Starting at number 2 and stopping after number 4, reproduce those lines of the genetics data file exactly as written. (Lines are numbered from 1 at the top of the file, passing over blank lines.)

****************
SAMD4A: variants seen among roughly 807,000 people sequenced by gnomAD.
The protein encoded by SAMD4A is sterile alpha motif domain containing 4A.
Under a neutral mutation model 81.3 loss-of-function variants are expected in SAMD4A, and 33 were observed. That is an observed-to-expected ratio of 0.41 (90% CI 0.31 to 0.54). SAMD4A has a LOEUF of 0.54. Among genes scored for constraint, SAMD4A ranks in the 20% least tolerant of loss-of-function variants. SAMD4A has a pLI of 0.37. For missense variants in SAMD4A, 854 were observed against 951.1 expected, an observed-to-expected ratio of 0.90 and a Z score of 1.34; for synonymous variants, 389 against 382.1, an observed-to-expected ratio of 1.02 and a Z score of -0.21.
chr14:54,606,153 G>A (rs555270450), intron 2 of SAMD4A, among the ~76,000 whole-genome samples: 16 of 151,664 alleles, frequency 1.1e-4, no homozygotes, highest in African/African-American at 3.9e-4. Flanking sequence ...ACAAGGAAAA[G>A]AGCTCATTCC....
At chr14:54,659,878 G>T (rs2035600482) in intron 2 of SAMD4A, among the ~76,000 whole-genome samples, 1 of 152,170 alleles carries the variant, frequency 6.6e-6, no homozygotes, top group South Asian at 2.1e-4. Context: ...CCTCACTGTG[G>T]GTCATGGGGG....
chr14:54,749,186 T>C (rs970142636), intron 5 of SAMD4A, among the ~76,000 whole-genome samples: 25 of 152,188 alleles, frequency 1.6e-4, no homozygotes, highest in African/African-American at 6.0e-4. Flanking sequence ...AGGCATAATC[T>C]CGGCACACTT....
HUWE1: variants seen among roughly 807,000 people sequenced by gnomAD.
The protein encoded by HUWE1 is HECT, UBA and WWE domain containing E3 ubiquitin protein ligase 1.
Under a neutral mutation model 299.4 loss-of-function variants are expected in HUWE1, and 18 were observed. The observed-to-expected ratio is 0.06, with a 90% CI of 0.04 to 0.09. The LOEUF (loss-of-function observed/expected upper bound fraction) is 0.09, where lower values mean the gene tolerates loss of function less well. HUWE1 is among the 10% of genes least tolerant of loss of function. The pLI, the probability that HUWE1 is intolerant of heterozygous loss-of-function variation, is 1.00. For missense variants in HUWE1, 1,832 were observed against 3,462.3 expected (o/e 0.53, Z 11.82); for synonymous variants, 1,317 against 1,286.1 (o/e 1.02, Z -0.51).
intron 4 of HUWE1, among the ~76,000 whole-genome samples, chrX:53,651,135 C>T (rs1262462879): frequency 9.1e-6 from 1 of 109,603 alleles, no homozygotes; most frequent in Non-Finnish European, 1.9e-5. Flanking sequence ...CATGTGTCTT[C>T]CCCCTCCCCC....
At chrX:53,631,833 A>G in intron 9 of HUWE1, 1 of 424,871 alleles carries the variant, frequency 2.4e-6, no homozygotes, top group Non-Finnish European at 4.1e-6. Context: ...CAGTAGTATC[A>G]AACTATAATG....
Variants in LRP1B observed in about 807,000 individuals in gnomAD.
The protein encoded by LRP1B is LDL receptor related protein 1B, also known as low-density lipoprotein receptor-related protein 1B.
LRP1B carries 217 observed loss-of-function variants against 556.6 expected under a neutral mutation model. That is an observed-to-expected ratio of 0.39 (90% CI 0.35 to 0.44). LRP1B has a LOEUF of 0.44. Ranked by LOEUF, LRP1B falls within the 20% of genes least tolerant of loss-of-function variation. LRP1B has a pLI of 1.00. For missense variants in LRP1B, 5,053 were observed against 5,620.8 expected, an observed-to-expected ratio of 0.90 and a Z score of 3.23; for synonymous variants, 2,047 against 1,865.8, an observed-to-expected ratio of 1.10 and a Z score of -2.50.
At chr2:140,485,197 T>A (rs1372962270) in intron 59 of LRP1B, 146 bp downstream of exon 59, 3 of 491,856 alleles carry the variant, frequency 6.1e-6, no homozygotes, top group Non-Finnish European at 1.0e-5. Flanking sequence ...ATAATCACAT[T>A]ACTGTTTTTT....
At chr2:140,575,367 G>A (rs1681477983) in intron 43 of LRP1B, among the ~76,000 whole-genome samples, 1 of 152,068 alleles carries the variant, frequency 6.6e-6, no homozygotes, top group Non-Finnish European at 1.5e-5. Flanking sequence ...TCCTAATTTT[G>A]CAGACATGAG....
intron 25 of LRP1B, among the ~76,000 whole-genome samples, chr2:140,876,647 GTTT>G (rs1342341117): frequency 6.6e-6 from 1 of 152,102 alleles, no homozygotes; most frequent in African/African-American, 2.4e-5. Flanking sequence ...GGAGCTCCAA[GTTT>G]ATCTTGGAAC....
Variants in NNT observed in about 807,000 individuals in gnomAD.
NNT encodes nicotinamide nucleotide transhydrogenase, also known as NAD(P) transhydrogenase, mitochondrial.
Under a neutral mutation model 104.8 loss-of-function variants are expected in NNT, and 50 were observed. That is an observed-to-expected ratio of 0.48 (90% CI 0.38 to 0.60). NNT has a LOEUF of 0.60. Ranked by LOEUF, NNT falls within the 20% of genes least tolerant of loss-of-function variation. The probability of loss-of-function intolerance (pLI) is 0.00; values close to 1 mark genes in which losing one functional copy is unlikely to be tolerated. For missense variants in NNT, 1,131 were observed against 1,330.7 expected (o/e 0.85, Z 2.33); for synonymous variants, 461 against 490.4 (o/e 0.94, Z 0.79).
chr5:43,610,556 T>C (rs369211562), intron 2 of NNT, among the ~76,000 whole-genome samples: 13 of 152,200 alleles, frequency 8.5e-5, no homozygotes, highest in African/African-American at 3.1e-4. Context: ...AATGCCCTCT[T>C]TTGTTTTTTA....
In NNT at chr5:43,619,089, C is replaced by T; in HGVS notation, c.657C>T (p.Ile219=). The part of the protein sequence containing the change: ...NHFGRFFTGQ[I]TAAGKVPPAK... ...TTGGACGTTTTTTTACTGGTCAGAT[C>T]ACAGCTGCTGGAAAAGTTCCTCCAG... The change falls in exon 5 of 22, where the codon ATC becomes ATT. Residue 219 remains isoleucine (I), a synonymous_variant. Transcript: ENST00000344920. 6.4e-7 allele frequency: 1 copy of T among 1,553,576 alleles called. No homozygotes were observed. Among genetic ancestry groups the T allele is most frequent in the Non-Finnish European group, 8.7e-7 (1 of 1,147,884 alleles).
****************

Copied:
The protein encoded by SAMD4A is sterile alpha motif domain containing 4A.
Under a neutral mutation model 81.3 loss-of-function variants are expected in SAMD4A, and 33 were observed. That is an observed-to-expected ratio of 0.41 (90% CI 0.31 to 0.54). SAMD4A has a LOEUF of 0.54. Among genes scored for constraint, SAMD4A ranks in the 20% least tolerant of loss-of-function variants. SAMD4A has a pLI of 0.37. For missense variants in SAMD4A, 854 were observed against 951.1 expected, an observed-to-expected ratio of 0.90 and a Z score of 1.34; for synonymous variants, 389 against 382.1, an observed-to-expected ratio of 1.02 and a Z score of -0.21.
chr14:54,606,153 G>A (rs555270450), intron 2 of SAMD4A, among the ~76,000 whole-genome samples: 16 of 151,664 alleles, frequency 1.1e-4, no homozygotes, highest in African/African-American at 3.9e-4. Flanking sequence ...ACAAGGAAAA[G>A]AGCTCATTCC....